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Archive for June 14th, 2008

In a recent Charlotte Observer article on UNC Charlotte’s Master Plan open forum for the community, one of the participants was quoted as saying,

“Students who are 18 to 21 years old really don’t make the best
neighbors,” said Richmond Baker of the Wyndham Place neighborhood.
“They are really disruptive to communities near school.”

I think this quotation exemplifies the attitude regarding UNC Charlotte’s growth among the community. Two years ago when I attended an open forum hosted by University City representative on Charlotte City Council, Mike Barnes, there were many angry residents complaining of various things but after 2 and a half hours no one mentioned UNC Charlotte once. Not even once. The reality of the situation is that UNC Charlotte was here 60 years ago and it will be here 60 years from now. If you don’t like the fact that students will live in and around a university then you need to move.

This university is completely irrelevant in the minds of the people that live within a 2 mile radius of it. It is a great school. It has a great educational environment along with world class facilities and faculty. Tons of accomplished alums are continuing successful careers and 5 of the Fortune 500 CFOs graduated from here. Why do people completely ignore it?

There is a stigma attached to UNC Charlotte’s abbreviation, UNCC. It sounds like a community college. Like CPCC. RCCC. GTCC. Also, and it frustrates members of the university administration to no end, but until we have football and we change our given name (a full name change is not necessary, just change the name we call ourselves) the community will continue to view us as irrelevant.

Light rail to campus in 5-6 years from uptown and a building in center city will help. The first truly urban university building in the state of NC will be quite an accomplishment. However, the citizens of Charlotte must have an emotional connection to the campus. Charlotte can’t own the school until they can focus on the campus instead of the “University of North Carolina” and citizens won’t love the school until they play football.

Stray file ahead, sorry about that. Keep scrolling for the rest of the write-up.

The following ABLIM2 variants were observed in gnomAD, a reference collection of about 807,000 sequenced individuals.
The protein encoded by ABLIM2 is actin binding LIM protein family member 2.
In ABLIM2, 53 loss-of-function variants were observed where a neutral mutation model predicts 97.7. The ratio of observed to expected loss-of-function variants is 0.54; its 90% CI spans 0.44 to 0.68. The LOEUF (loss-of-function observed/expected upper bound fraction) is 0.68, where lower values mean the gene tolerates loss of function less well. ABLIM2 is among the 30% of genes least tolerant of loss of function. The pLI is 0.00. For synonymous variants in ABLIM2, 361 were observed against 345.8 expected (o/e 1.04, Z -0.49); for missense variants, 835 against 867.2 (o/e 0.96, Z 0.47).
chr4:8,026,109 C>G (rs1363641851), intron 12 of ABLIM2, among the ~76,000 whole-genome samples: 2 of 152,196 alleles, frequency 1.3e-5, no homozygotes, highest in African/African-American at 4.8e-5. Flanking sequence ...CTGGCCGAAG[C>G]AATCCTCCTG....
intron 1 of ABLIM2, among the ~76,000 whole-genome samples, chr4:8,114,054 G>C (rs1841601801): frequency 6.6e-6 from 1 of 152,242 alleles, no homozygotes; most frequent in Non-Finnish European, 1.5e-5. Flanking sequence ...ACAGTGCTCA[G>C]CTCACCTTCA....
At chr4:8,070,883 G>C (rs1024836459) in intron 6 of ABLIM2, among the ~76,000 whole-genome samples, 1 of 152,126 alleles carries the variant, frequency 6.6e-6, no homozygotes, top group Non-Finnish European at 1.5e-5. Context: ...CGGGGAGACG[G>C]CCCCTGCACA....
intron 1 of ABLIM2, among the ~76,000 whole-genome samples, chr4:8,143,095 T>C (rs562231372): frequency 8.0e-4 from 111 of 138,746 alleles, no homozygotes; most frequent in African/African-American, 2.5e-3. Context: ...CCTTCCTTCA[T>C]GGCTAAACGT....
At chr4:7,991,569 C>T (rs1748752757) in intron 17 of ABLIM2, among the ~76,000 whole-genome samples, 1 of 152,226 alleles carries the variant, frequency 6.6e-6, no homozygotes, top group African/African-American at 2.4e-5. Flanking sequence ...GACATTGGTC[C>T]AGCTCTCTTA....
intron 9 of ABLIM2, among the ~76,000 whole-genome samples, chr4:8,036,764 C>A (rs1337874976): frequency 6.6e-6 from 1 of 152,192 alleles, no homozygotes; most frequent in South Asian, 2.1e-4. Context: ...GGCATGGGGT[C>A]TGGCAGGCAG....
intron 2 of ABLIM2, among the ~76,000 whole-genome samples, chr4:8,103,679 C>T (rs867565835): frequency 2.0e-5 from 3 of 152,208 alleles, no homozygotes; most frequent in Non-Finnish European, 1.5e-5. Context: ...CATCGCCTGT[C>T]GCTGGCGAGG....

I wish it could be another way but to believe that it was would be denial.

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I’ve been wanting to take a picture of the Sears/ABC Store building ever since I first saw it last summer because I thought it exemplified the reality of mountain life better than about any other thing in Brevard.

Time after time I passed the building and never stopped to get a picture until Mandeep and Jessica were in town last weekend. They even offered to pose, exemplifying their true feelings about the odd building and its implications for drunkeness and appliance purchasing.

After submitting the shot to consumer advocacy and education blog the Consumerist and its Flickr Pool the shot got selected for their weekly Friday finds. The most hilarious part about the whole thing is reading the comments on ABC stores by Consumerist readers…


Oh North Carolina, why do you restrict liquor purchases to singular locations?

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Now that UNC Charlotte is considering the adoption of Google Apps, Information Technology Services stated they wanted to hear from some students on how we use email. To answer their call for a window into student technology use, I wrote up this quick essay which captured my thoughts on the topic:

E-mail was originally created as the next evolution of US Postal Service mail. It was designed to become the electronic equivalent to what we now affectionately term “snail mail” in the same way that voicemail was designed to replace the receptionist. E-mail has served this purpose for many years adequately. In the last 3-5 years with the advent of the internet as a social medium, more than just a technical and limited modicum of communication, the messages and interactions that take place through an email address (evolved past existing just as the abbreviation of “electronic mail”) have become the equivalent of asynchronous instant communications.

Students use synchronous message technology whenever the corresponding groups can communicate at predesignated or instantaneously convenient time, however the modern campus communication solution should embrace the intersection between synchronous and asynchronous communication.

This leaves the student email policy maker with a decision on choosing between two principles: embrace both time modes of communication and harness the collaborative power that current technologies allow or stick with the past definition of email as a mere replacement for paper.

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I’ve been wanting to take a picture of the Sears/ABC Store building ever since I first saw it last summer because I thought it exemplified the reality of mountain life better than about any other thing in Brevard.

Time after time I passed the building and never stopped to get a picture until Mandeep and Jessica were in town last weekend. They even offered to pose, exemplifying their true feelings about the odd building and its implications for drunkeness and appliance purchasing.

After submitting the shot to consumer advocacy and education blog the Consumerist and its Flickr Pool the shot got selected for their weekly Friday finds. The most hilarious part about the whole thing is reading the comments on ABC stores by Consumerist readers…


Oh North Carolina, why do you restrict liquor purchases to singular locations?

Read Full Post »